MEXICO CITY (AP) — Mexican authorities are proposing a $37 million plan to ban gillnet fishing in most of the upper Sea of Cortez to save the critically endangered vaquita marina, the world’s smallest porpoise.
The plan would compensate fishermen for stopping the use of nets that often sweep up the tiny porpoises along with their catch.
Recent reports suggest there are fewer than 100 of the shy, elusive porpoises left in the Sea of Cortez, which is also known as the Gulf of California. The gulf is the only place on Earth where the marine mammals are found.
The proposal was submitted Tuesday for mandatory public consultation, and could be implemented in a couple of months.
The vaquita is threatened by gillnet fishing for totoaba, a huge, heavy fish whose swim bladder is prized by chefs in China.
There is already a protected reserve area around the mouth of the Colorado River delta, but the new proposal would greatly increase the no net-fishing area southward.
The new area would essentially include almost all of the vaquitas’ known range. The ban would initially be in place for two years.
The plan presented by the Agriculture and Fisheries Department would pay some of the fishermen to work patrolling the area to detect violations of the net ban. Some non-threatening net fishing techniques would be allowed for some months of the year.
Omar Vidal, of the World Wildlife Fund, praised the plan but noted that “enforcement is the main challenge,” because of illegal fishing by small boats in the area.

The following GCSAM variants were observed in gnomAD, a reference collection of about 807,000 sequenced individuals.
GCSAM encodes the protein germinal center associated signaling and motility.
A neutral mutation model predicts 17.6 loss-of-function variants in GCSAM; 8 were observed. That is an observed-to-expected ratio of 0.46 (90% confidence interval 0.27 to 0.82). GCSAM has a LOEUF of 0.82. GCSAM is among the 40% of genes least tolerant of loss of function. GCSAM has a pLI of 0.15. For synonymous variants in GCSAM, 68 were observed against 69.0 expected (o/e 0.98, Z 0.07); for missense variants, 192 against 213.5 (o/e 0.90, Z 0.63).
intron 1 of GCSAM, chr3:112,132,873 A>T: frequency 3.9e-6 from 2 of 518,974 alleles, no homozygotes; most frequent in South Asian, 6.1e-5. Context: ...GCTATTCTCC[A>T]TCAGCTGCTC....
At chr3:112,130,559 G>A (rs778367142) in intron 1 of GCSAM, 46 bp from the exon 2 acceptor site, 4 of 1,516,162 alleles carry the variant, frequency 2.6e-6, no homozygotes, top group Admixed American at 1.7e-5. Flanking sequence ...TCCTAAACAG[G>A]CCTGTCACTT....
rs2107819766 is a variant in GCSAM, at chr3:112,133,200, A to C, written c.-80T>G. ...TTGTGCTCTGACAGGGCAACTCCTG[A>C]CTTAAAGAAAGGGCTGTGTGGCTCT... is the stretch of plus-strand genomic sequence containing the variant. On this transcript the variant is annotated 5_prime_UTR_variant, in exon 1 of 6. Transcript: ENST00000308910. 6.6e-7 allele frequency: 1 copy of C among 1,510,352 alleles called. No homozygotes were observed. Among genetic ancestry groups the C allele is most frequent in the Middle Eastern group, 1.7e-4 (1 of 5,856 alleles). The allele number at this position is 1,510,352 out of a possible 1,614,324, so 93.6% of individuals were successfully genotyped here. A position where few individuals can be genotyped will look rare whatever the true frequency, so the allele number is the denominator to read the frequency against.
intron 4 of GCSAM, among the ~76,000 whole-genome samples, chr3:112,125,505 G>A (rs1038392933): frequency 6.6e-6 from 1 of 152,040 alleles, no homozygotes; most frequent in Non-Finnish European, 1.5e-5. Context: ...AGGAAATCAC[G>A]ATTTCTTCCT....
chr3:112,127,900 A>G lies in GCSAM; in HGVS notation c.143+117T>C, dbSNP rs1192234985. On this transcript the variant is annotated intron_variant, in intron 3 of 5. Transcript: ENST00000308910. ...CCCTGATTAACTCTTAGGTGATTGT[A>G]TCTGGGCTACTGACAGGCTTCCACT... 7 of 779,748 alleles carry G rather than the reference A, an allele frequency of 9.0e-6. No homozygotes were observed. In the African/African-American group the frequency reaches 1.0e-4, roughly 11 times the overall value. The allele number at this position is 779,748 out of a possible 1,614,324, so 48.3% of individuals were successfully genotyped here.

The biggest threat is China’s hunger for totoaba swim bladders; though fishing for totoaba is already illegal, the very high prices that Chinese chefs are willing to pay make it a lucrative illicit industry. According to the Smithsonian Institution’s website, one totoaba bladder can attract a $5,000 payoff in the United States, and more than $10,000 in Asia.
“If this works well, then Mexico will have given the world a unique example to demonstrate that it is possible to save an endangered species and support sustainable fisheries,” Vidal said.
But with perhaps only a couple of dozen reproductively mature females left, Vidal noted, there isn’t much time left.
Experts agree that capturing vaquitas to breed them in captivity isn’t an option because it would not be feasible to capture or hold a sufficient number of them to develop a captive breeding program. Furthermore, with so few vaquitas spread over such a wide area, chasing down and catching them would risk killing off the few remaining individuals.